Rev. Carlos Winterle remembers well a Sunday morning when he was the visiting pastor at a congregation in Mozambique (a country on the east coast of Africa, just above South Africa).
Like the worshippers in the pews, Rev. Winterle had seen the large advertisement for a local witch doctor, who promised health and healing.
As he began reading the Old Testament lesson – which spoke about false gods and spirits – Rev. Winterle held up the ad and asked, “Did you see this? Are you going to this doctor?”
“NOOO!! We used to, but never more,” the people responded. “We know that Jesus delivered us from spirits and we are free!”
THE CATECHISM FOR MOZAMBIQUE
Experiences like this are what keep Rev. Winterle, a missionary from the Evangelical Lutheran Church of Brazil, coming back to Mozambique, where Concordia Lutheran Church – Mozambique (ILCM) began a little over a decade ago.
Now, he has a new tool for teaching the people: Luther’s Small Catechism, printed by LHF in the Chisena (Sena) language.
Though the official language of Mozambique is Portuguese, many people don’t speak or read Portuguese well. Instead, they speak and read one of the tribal languages, such as Sena (spoken by nearly a million Mozambicans).
“The catechism is the most important book after the Bible, especially for people who are not well-educated,” says Rev. Winterle. “Our plan for the 500th anniversary of the Reformation in 2017 is for the pastors to preach on the catechism. They are going through a small part of it each Sunday so that the people can memorize it.”Since its first eight pastors were ordained less than a year ago, the ILCM has grown dramatically from ten congregations to 33 (each of the pastors has 3-4 parishes they care for). It’s not unusual for scores of people to be baptized each Sunday, Rev. Winterle says.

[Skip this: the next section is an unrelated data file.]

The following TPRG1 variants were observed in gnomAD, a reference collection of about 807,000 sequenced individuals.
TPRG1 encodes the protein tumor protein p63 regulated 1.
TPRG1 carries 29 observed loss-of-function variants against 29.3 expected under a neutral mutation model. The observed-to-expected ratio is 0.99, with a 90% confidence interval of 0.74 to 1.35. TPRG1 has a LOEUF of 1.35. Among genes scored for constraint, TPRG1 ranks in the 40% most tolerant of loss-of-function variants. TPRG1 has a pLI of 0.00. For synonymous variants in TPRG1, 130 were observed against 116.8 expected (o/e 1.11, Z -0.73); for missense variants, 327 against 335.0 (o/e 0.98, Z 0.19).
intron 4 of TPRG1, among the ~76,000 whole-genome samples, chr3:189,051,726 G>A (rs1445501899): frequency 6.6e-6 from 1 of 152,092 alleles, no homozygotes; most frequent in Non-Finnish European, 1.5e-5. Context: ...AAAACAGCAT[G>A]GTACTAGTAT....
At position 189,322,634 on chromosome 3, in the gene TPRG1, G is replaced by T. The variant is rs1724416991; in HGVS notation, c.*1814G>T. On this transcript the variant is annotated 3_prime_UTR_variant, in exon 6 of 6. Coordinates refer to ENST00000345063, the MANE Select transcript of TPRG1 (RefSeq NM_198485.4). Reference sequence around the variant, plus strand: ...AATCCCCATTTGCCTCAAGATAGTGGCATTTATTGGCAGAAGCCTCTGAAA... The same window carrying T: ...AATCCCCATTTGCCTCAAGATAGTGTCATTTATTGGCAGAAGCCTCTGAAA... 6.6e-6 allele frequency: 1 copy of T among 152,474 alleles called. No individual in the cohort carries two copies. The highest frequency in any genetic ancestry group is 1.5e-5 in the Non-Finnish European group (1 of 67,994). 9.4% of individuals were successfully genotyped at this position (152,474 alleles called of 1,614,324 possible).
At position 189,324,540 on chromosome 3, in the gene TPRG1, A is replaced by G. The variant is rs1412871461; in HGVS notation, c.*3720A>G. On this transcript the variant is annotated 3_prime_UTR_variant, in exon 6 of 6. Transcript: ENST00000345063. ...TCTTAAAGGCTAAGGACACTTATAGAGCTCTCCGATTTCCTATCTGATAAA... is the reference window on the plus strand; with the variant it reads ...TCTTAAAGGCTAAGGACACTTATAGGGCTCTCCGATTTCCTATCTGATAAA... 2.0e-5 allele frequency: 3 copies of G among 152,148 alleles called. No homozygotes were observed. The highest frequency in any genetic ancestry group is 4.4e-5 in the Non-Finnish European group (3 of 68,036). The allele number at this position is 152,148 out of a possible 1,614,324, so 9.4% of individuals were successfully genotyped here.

To train more church leaders, the Evangelical Lutheran Church of Brazil and the Concordia Lutheran Church in Mozambique are partnering to offer a new Theological Education Program (TEP) for candidates who don’t understand Portuguese, but only the local Sena language. Almost 40 candidates are enrolled in the program, which will certify graduates to be deacons in the ILCM . Four of the ordained pastors will be the teachers, monitored by Rev. Winterle.
“Twenty men began the program last year, and there are 30 candidates now. I am very well impressed with the new group,” Rev. Winterle says. “They’re very smart! A lot of leaders of the new congregation want to know more about the Gospel.”
A GOOD TIME FOR GROWTH
It’s a good time to spread the Good News of Jesus in Mozambique, Rev. Winterle believes.
“Mozambique was a Portuguese colony at one time,” he explained. “Civil war devastated the country; churches were persecuted and closed. Mozambique became socialist, and in some ways that was good, because the government owns all the land and you just have to ask to use it. You can build a church; you just need to ask to use that piece of land.”
Pentecostal churches are growing in Mozambique as well, but Rev. Winterle says that “the Lutheran Church is known as the church that really preaches the Gospel. Whenever there is an event around, they ask for our pastors to preach because there is substance to what they say. Lutherans are recognized as people who have the Bible and preach the Bible.”
FUTURE PLANS FOR MOZAMBIQUE
As LHF looks to assist the ILCM in telling the Mozambique people about the Savior, the next Chisena project will be to translate the question and answer section of the Small Catechism and begin work on the Large Catechism.
To read more about Rev. Winterle’s work in Mozambique, click here.
Only with your help can this important work continue. Prayerfully consider how you can help support LHF projects.
Photo credit: Rev. Carlos Winterle